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Local News

  • Saturday's mule show dedicated to Routt

    Charles “June” Routt Jr. has great affection for bib overalls, his John Deere cap, Laha burgers, a small white dog with one blue eye and one brown eye and the two-story white farmhouse he was born in 90 years ago. He still lives there, by the way.

    But when he talks about his pets – those handsome, intelligent, strong four-legged creatures – it’s obvious he’s a mule man at heart.

    Routt has farmed all his life and most of those years he worked with mules – which are a cross between a donkey stallion and a horse mare.

  • Sen. Bunning is not running

    U.S. Sen. Jim Bunning announced Monday that he will not run for a third term in 2010, citing a lack of campaign money.

    The latest election filings show that from April through June, Bunning raised less than half the total of Kentucky Secretary of State Trey Grayson, a 37-year-old Republican who began an exploratory committee to raise funds while awaiting Bunning's decision on another term.

  • Football fireworks may be toned down

    Complaints about noise had the LaRue County School Board discussing a long-standing tradition of shooting fireworks from a cannon at LaRue County High's home football games after points have been scored.

    Some community members have voiced complaints about the noise.

    School Board member Dick Greenwell said most of the complaints came after several late games last year and that the loudness "can be a bit much at late hours."

    Board member Anita Cruse said she thinks "the kids enjoy it" but suggested "toning them down a bit."

  • Board evaluates superintendent in open session

    The LaRue County School Board broke tradition at Monday night’s meeting by discussing Superintendent Sam Sanders’ evaluation in open session.

    The meeting started with board member Norbert Skees’ motion to move the superintendent’s evaluation up on the agenda, but receiving no second the motion died. Skees also made a motion to discuss the evaluation in executive session, but that motion also received no second from other board members.

    The superintendent’s evaluation is based on a series of questions related to different aspects of his job.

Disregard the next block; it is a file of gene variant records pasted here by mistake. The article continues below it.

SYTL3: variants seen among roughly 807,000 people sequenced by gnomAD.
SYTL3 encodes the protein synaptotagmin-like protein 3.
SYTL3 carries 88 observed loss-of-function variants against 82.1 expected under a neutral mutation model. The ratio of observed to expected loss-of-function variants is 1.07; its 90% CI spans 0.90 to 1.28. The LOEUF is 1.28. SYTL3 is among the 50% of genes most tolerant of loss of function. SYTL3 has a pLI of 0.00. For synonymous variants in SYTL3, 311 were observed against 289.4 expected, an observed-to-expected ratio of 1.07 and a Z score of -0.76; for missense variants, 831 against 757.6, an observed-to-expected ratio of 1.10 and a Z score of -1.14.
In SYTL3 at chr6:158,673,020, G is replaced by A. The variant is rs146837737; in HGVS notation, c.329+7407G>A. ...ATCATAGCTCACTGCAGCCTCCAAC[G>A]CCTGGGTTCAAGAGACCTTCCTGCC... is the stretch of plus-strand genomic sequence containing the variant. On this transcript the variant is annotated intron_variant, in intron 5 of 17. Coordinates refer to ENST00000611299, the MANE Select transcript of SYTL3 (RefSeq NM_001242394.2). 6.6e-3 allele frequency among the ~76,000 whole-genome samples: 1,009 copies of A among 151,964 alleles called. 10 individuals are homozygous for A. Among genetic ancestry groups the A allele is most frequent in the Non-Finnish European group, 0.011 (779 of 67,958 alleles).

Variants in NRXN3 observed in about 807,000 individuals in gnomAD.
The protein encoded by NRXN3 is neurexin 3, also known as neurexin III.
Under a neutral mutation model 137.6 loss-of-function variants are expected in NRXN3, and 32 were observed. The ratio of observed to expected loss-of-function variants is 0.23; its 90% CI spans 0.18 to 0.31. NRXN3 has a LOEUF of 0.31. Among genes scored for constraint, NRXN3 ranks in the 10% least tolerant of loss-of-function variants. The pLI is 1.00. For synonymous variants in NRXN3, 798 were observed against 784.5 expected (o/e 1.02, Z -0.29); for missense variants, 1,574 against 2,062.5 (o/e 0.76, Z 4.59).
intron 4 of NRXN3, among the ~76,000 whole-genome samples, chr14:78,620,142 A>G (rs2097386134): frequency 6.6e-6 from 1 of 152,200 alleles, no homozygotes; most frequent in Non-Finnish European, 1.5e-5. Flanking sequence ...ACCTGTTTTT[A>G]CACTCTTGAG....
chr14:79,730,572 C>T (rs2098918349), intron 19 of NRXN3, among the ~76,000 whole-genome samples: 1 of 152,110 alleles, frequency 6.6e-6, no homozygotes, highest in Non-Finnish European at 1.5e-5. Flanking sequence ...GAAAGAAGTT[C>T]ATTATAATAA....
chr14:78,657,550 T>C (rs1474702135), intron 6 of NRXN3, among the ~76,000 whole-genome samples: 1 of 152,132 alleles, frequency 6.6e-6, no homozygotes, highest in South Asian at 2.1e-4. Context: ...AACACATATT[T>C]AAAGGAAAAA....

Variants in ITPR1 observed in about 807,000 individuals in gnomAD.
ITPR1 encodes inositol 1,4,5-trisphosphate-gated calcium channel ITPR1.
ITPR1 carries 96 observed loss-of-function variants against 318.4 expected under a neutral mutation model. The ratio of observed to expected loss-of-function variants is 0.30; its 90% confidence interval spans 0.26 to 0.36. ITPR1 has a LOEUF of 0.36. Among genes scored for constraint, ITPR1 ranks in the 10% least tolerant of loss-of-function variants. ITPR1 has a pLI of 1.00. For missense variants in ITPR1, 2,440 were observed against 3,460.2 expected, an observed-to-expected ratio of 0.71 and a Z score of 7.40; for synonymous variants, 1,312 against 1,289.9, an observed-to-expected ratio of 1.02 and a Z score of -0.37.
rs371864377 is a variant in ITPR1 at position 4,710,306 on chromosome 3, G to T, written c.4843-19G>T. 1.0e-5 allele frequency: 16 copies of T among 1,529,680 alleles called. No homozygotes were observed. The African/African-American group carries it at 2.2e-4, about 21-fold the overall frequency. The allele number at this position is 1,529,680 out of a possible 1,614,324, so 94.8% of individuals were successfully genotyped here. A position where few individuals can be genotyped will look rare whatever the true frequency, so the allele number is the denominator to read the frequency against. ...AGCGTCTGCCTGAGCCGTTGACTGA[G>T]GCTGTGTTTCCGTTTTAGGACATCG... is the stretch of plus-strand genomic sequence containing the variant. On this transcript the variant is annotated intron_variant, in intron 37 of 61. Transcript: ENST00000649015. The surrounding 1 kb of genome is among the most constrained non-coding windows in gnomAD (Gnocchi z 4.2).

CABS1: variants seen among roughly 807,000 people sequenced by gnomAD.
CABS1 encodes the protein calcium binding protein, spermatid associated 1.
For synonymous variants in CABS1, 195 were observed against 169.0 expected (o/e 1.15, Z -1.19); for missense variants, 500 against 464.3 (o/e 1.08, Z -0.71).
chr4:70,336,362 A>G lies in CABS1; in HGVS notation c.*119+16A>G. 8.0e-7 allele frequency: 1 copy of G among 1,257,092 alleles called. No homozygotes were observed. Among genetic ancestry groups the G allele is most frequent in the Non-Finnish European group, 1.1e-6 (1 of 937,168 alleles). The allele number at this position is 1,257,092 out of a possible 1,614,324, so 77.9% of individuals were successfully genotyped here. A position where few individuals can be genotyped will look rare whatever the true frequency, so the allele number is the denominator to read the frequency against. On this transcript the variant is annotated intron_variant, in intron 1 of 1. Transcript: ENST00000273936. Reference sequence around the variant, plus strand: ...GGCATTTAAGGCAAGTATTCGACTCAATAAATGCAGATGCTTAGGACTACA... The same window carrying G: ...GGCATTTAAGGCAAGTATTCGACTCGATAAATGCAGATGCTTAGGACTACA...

• Indoor grow bust nets 709 pot plants

    A Sonora man was charged with cultivating and trafficking in marijuana Thursday, July 16, after officers found an indoor growing operation at his residence on Oak Hill Road.

    Robert Allen Kincaid Jr., 38, also is charged with possession of drug paraphernalia, second offense and possession of firearm by a convicted felon, according to LaRue County Sheriff Bobby Shoffner.

  • Teddy Bear Picnic begins at 11 today

    The LaRue County Public Library will host the annual Teddy Bear Picnic 11 a.m. Thursday, July 30, at the Abraham Lincoln Birthplace National Historic Park. Bring a favorite stuffed animal and a sack lunch. Volunteers will provide games, music, stories and a nature walk.

    For more information, call 358-3851.

  • County Fair under way

    A trio of horse shows were scheduled to kick off the 102nd LaRue County Fair at the fairgrounds on Greensburg Street this week.

    However, muddy conditions canceled all three. Organizers have rescheduled the pleasure and open fun horse show for 7 p.m. Aug. 29.

    Through Aug. 1, fairgoers can enjoy a variety of pageants, snacks, livestock shows and demolition derby.

    Back for another year are karaoke, truck pull, backseat driver, poultry show, dress-up dog show, arena derby and cornhole tournament.

  • Groundbreaking held for new nursing home

    July 22 was called a "day of history-making" by local officials who braved a downpour and muddy field at a groundbreaking for the new Sunrise Manor Nursing Home.

    A large number of Sunrise employees, volunteers and board members joined representatives of Branscum Construction for the ceremony and a reception back at the nursing home. Branscum from Russell Springs  is building the $10.8 million, 142-bed two-story facility on a 13-acre lot beside the current nursing home.

    Site work begins next week.

  • Money released to logjam bidder

    The New Haven Board of Commissioners agreed to release payment in advance to Joe Boone Excavating, which was awarded a bid to remove a logjam in the Rolling Fork River.

    Boone, a New Haven resident, approached the council Thursday to ask for the remainder of the grant money allotted for the job.

    Minus a $375 attorney fee for writing the contract, commissioners were agreeable to the idea.

    “I have no problem if we have our fees paid ahead of time,” Commissioner John Ray Ball said.

  • Trafficking case to be heard by grand jury

    LaRue District Judge C. Derek Reed found probable cause in two related cases July 8 and held both to be heard by a grand jury.

    Beverly Reliford, 51, of Greensburg is charged with trafficking in controlled substance, first degree; tampering with physical evidence; obstructing or interfering with an investigation; and prescription not in a proper container.

    Reliford is a social worker in Greensburg.